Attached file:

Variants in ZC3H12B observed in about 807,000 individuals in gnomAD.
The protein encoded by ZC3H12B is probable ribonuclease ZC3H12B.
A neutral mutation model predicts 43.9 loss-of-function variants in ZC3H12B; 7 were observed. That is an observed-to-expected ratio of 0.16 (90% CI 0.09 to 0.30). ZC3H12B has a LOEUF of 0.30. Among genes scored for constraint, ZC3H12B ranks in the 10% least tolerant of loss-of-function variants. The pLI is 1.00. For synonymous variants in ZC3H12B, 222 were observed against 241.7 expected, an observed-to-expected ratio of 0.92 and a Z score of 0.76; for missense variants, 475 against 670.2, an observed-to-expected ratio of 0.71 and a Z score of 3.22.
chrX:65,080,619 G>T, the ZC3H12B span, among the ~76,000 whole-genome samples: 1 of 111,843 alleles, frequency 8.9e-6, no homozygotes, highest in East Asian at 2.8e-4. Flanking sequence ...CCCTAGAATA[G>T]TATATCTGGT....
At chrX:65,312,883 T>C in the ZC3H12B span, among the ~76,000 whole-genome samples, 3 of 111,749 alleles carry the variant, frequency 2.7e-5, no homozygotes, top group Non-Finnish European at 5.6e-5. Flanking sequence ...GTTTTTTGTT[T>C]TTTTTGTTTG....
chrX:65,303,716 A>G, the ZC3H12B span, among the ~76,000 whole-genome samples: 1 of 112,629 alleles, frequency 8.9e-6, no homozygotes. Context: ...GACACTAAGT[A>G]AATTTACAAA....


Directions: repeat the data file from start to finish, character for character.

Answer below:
Variants in ZC3H12B observed in about 807,000 individuals in gnomAD.
The protein encoded by ZC3H12B is probable ribonuclease ZC3H12B.
A neutral mutation model predicts 43.9 loss-of-function variants in ZC3H12B; 7 were observed. That is an observed-to-expected ratio of 0.16 (90% CI 0.09 to 0.30). ZC3H12B has a LOEUF of 0.30. Among genes scored for constraint, ZC3H12B ranks in the 10% least tolerant of loss-of-function variants. The pLI is 1.00. For synonymous variants in ZC3H12B, 222 were observed against 241.7 expected, an observed-to-expected ratio of 0.92 and a Z score of 0.76; for missense variants, 475 against 670.2, an observed-to-expected ratio of 0.71 and a Z score of 3.22.
chrX:65,080,619 G>T, the ZC3H12B span, among the ~76,000 whole-genome samples: 1 of 111,843 alleles, frequency 8.9e-6, no homozygotes, highest in East Asian at 2.8e-4. Flanking sequence ...CCCTAGAATA[G>T]TATATCTGGT....
At chrX:65,312,883 T>C in the ZC3H12B span, among the ~76,000 whole-genome samples, 3 of 111,749 alleles carry the variant, frequency 2.7e-5, no homozygotes, top group Non-Finnish European at 5.6e-5. Flanking sequence ...GTTTTTTGTT[T>C]TTTTTGTTTG....
chrX:65,303,716 A>G, the ZC3H12B span, among the ~76,000 whole-genome samples: 1 of 112,629 alleles, frequency 8.9e-6, no homozygotes. Context: ...GACACTAAGT[A>G]AATTTACAAA....